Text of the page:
Gosh, that's a good warning. I'm still thinking about whether to get a veiled chameleon, and I guess I am harboring the hope that it will perch on my shoulder. I had an anole when I was a kid that would turn green when I walked into the room and could pick me out of a crowd. All the other reptiles I've had (turtles, snakes, more anoles) were pretty interactive. My absolute worst pet was a hermit crab that clattered its shell on the bottom of the cage in a panicked retreat every time I made a sudden movement, even from across the room. Maybe I won't buy any chameleon unless it will crawl onto my or its keeper's hand?
Panther chameleons, and a few other species, are known to be more friendly (I actually like to use the word "curious" instead), so that's definitely something worth considering! Also, people can either get more lucky than I did, OR people are just more advanced in their knowledge and therefore are better at this "training" chameleons to recognize that you are not a threat. I really don't mean for anyone to get discouraged by my blog post, rather to just think about this topic and consider it. (Especially since I felt mislead in this area.) I thought that even if I followed everyone's advice with the "training" then he would warm up to me, but that just hasn't been the case for me, so I just wanted to share my experience.
Wow, sorry he's so prickly. And sorry you felt misled! On the other hand, it's six months and maybe the little guy still feels like he's adjusting.

I DONT KNOW chams, but having a bit of experience with other animals, I wonder if the situation might be helped by moving his cage away from your bed. You might be a little too close for comfort for him and then he is forced to be close to you for many hours. Maybe moving him to another room or even just further away would help him to feel a little less threatened by your presence because then you'd only be getting close for food. Just a thought.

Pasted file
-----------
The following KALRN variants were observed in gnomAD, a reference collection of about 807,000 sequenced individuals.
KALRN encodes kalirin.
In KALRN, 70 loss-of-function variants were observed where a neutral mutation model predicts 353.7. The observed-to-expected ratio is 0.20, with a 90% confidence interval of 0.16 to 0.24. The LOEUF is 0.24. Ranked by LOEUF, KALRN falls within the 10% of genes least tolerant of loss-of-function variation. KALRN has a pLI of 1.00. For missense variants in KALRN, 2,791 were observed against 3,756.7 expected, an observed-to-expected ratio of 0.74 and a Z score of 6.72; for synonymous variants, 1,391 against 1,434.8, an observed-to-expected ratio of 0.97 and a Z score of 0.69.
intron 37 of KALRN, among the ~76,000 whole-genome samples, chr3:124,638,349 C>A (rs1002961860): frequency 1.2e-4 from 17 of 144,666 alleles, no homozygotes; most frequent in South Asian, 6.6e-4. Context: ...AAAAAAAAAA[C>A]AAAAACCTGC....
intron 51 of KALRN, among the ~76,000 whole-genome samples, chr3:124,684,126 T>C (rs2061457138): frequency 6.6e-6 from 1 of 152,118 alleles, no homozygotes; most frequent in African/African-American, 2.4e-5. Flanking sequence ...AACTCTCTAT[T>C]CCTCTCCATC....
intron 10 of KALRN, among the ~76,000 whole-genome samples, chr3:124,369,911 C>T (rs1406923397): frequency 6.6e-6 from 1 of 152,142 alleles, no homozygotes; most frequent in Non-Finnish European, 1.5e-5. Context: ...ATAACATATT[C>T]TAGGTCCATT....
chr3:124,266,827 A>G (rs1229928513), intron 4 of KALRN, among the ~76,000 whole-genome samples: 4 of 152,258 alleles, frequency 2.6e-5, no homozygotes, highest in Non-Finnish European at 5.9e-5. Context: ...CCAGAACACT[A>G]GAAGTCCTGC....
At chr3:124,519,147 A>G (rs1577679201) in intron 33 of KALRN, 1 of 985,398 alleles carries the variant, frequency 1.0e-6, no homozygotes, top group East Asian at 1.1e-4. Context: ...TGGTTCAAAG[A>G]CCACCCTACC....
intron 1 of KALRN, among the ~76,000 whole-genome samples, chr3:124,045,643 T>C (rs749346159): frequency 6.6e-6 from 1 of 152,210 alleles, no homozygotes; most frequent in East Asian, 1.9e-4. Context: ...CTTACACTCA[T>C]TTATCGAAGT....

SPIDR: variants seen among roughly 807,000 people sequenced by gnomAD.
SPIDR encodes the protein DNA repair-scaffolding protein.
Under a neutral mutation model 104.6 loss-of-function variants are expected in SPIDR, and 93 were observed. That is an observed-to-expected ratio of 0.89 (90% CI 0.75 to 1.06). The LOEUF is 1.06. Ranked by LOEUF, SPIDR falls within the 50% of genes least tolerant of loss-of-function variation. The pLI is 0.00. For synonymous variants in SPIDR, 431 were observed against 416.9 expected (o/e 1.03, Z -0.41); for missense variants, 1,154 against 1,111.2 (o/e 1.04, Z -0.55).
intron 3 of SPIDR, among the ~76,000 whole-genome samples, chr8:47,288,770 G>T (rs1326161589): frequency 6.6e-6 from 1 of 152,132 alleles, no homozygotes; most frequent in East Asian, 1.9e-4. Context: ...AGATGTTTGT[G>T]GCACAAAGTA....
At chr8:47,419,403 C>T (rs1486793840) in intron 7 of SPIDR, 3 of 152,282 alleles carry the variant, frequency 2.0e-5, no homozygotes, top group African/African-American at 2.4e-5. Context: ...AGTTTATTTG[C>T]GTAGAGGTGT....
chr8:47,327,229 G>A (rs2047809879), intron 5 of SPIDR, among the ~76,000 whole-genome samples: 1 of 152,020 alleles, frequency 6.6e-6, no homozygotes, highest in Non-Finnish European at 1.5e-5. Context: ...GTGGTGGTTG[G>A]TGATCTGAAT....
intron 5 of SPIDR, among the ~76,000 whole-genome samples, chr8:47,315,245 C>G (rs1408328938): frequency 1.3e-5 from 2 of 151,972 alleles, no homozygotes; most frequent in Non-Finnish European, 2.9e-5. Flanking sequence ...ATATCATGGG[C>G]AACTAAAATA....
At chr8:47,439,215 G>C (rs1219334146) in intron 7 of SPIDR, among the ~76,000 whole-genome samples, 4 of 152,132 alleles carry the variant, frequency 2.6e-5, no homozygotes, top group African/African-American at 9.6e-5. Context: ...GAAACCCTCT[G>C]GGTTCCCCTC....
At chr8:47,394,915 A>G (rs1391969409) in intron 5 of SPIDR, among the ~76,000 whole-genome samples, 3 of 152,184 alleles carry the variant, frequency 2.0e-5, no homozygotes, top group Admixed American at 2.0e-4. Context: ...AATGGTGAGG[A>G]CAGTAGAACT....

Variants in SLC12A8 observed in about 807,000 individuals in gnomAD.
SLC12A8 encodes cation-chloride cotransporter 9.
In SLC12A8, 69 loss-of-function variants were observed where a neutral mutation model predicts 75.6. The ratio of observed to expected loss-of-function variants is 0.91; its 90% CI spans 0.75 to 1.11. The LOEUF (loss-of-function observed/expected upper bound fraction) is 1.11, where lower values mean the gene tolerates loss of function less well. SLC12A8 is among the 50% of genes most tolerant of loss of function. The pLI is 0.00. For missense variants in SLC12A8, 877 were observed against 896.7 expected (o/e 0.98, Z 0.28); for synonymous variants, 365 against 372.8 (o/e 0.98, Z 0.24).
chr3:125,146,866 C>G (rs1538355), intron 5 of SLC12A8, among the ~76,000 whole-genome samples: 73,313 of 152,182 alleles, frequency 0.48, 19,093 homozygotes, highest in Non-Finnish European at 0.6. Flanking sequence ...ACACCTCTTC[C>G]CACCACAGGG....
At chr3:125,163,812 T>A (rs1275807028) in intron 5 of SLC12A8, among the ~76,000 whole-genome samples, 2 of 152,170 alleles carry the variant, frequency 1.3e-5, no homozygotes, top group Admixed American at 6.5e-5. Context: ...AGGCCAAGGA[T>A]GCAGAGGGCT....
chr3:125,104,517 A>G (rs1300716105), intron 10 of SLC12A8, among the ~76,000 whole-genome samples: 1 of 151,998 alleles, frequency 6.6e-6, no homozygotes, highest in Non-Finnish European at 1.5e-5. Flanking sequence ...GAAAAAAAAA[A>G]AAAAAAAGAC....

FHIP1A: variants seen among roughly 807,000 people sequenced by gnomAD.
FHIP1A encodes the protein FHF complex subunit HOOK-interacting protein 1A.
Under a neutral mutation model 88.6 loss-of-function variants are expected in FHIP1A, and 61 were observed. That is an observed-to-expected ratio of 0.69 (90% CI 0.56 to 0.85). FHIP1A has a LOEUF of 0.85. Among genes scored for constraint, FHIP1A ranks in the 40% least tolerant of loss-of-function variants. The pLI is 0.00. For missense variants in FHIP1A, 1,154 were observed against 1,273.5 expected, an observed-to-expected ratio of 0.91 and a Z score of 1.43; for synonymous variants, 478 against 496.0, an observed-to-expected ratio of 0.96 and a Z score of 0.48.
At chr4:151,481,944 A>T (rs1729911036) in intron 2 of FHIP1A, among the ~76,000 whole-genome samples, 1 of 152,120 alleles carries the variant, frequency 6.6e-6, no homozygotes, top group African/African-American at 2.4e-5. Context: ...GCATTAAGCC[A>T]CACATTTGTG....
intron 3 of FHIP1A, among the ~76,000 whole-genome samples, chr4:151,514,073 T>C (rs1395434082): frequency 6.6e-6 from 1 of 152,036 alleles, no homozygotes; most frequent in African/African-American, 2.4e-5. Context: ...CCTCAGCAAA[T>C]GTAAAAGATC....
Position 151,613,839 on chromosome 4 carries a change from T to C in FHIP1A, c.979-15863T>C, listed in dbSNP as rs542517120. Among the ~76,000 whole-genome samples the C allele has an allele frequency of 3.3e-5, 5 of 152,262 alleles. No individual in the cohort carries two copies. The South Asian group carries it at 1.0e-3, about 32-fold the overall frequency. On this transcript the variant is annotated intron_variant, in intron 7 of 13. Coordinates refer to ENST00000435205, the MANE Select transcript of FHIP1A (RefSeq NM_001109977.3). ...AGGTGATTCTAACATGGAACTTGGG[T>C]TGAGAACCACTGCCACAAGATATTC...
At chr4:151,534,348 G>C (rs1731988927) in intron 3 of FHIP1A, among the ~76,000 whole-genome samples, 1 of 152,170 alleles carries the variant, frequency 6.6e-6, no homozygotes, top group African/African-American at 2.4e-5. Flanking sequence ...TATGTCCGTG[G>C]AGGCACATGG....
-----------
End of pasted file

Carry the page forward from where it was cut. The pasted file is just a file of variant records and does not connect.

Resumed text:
But maybe he'll always be afraid of you. I feel like Instagram and FB are full of people's pics of their chams with captions saying things like "she hates my guts". It does seem like yours is a common experience.

So how can you enjoy your pet while respecting his boundaries? The Chameleon Breeder podcast has several episodes that touch on this and Bill Strand speaks really eloquently about how chameleons and humans are wired differently. Maybe trying to understand why your chameleon shies away from you will help you to appreciate this aspect of his personality.

Anyway, thanks for being open and honest about this kind of thing.
Thanks! I love Bill Strand's newsletters and bought a dragon strand enclosure for my booger. I love the company, so now maybe I'll finally get into that podcast! haha.

I've definitely thought about the location of his setup, and I still think it's actually the best spot away from all the traffic in my home and for keeping the humidity and temperature numbers where they need to be. It's tough for sure. Again, all things people need to consider before taking this plunge!

Thank you for the advice and kind comments! :)
Those cages look really nice! I'm sure you'll enjoy the podcast.

I hope the lil guy calms down a bit--or that your worries about him settle out after awhile. As for worry about having to handle him to get to the vet, Bill actually has an episode just on how to handle an angry cham lol! I can definitely sympathize with your worries in this regard.
To @Calummaty Jane and anyone else who stumbles on this... I did listen to several of Bill's podcast episodes...and queued up many more. They are excellent! Personally, I didn't learn a ton of new information about the basics of the "taming" process that I hadn't found in previous research. Still, Bill's experience brings a new perspective to someone like me that is incredibly valuable. I highly recommend these podcasts to all cham keepers and breeders. I will continue to keep trying these methods everyone swears by...but like my blog post above describes...that "hope cycle" is very real for me, haha. So...we'll see! I'll certainly keep everyone posted as time goes on. :)
I too am new to chameleons and have a veiled for only about a month now but he is very timid and runs for cover upon movement toward his cage. Maybe he has not had enough time to adjust and I am too anxious for him to calm down? Eats great and has good color but does not want anything to do with human companionship.
I too am new to chameleons and have a veiled for only about a month now but he is very timid and runs for cover upon movement toward his cage. Maybe he has not had enough time to adjust and I am too anxious for him to calm down? Eats great and has good color but does not want anything to do with human companionship.
Depending on what your own personal goals are with your new pet, I highly recommend doing as much research as humanly possible. I do think if I had spent many more hours doing all of the recommending things to gain trust with my chameleon when he was younger, instead of being timid myself, then maybe there would be a better chance of him being more curious and "friendly" towards me. Still, some chameleons just aren't friendly, which is why I wrote this blog post. Bottom line on this forum website: do your research! :) Thanks for commenting! :)